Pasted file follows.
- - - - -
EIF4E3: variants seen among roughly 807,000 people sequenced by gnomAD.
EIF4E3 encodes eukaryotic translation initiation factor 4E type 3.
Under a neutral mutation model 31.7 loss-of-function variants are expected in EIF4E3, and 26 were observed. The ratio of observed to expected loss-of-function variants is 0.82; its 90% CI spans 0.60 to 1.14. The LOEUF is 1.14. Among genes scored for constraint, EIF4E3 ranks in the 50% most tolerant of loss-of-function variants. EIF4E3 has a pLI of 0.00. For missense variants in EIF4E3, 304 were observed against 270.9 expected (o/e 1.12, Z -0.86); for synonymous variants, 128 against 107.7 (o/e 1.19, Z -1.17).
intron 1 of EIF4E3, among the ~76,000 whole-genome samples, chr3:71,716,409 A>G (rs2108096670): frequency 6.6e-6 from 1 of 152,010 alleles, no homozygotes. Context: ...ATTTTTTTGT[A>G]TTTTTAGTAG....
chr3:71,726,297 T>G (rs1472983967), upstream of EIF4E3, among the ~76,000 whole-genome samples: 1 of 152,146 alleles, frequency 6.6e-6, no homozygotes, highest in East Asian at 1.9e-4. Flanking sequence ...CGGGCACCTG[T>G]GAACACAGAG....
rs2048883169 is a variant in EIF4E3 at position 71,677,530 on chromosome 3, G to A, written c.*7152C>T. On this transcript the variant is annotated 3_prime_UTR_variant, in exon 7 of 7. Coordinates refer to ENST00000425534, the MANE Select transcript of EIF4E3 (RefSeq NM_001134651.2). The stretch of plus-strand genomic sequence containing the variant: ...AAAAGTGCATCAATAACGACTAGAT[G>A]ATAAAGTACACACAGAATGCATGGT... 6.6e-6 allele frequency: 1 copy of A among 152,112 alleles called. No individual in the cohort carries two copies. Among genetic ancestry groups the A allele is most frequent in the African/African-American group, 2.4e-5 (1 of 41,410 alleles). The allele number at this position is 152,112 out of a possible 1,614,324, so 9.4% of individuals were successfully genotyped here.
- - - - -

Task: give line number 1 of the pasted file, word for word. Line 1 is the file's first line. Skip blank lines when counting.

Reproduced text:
EIF4E3: variants seen among roughly 807,000 people sequenced by gnomAD.